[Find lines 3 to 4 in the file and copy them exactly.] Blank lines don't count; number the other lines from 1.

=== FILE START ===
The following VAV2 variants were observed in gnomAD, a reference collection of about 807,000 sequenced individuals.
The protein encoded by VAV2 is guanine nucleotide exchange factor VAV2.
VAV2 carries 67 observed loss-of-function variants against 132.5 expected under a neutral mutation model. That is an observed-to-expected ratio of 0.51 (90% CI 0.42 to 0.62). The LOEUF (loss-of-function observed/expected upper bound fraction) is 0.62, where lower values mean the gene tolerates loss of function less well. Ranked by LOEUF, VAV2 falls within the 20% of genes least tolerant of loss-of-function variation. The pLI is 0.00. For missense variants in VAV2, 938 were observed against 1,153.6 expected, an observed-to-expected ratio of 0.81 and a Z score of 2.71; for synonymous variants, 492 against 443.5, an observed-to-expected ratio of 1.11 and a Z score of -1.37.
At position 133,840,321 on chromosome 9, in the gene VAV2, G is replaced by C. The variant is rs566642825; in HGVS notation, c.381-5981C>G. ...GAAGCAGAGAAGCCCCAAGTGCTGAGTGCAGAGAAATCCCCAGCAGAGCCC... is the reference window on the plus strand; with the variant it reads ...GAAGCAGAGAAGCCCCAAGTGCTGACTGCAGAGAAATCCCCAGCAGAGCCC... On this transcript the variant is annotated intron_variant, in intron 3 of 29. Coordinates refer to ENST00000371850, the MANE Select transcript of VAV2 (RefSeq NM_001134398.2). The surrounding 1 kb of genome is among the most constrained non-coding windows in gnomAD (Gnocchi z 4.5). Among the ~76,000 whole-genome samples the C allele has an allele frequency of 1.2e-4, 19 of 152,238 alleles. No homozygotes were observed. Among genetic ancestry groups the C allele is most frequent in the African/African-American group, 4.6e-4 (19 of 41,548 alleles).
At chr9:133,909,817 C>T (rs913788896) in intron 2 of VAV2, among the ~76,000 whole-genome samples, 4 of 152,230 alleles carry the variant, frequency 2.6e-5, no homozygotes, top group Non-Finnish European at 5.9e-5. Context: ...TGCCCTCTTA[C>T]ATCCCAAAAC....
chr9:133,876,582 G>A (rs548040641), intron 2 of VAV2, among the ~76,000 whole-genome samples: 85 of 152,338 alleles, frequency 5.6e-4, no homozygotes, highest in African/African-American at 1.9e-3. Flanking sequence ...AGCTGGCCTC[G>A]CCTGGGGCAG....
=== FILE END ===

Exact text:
VAV2 carries 67 observed loss-of-function variants against 132.5 expected under a neutral mutation model. That is an observed-to-expected ratio of 0.51 (90% CI 0.42 to 0.62). The LOEUF (loss-of-function observed/expected upper bound fraction) is 0.62, where lower values mean the gene tolerates loss of function less well. Ranked by LOEUF, VAV2 falls within the 20% of genes least tolerant of loss-of-function variation. The pLI is 0.00. For missense variants in VAV2, 938 were observed against 1,153.6 expected, an observed-to-expected ratio of 0.81 and a Z score of 2.71; for synonymous variants, 492 against 443.5, an observed-to-expected ratio of 1.11 and a Z score of -1.37.
At position 133,840,321 on chromosome 9, in the gene VAV2, G is replaced by C. The variant is rs566642825; in HGVS notation, c.381-5981C>G. ...GAAGCAGAGAAGCCCCAAGTGCTGAGTGCAGAGAAATCCCCAGCAGAGCCC... is the reference window on the plus strand; with the variant it reads ...GAAGCAGAGAAGCCCCAAGTGCTGACTGCAGAGAAATCCCCAGCAGAGCCC... On this transcript the variant is annotated intron_variant, in intron 3 of 29. Coordinates refer to ENST00000371850, the MANE Select transcript of VAV2 (RefSeq NM_001134398.2). The surrounding 1 kb of genome is among the most constrained non-coding windows in gnomAD (Gnocchi z 4.5). Among the ~76,000 whole-genome samples the C allele has an allele frequency of 1.2e-4, 19 of 152,238 alleles. No homozygotes were observed. Among genetic ancestry groups the C allele is most frequent in the African/African-American group, 4.6e-4 (19 of 41,548 alleles).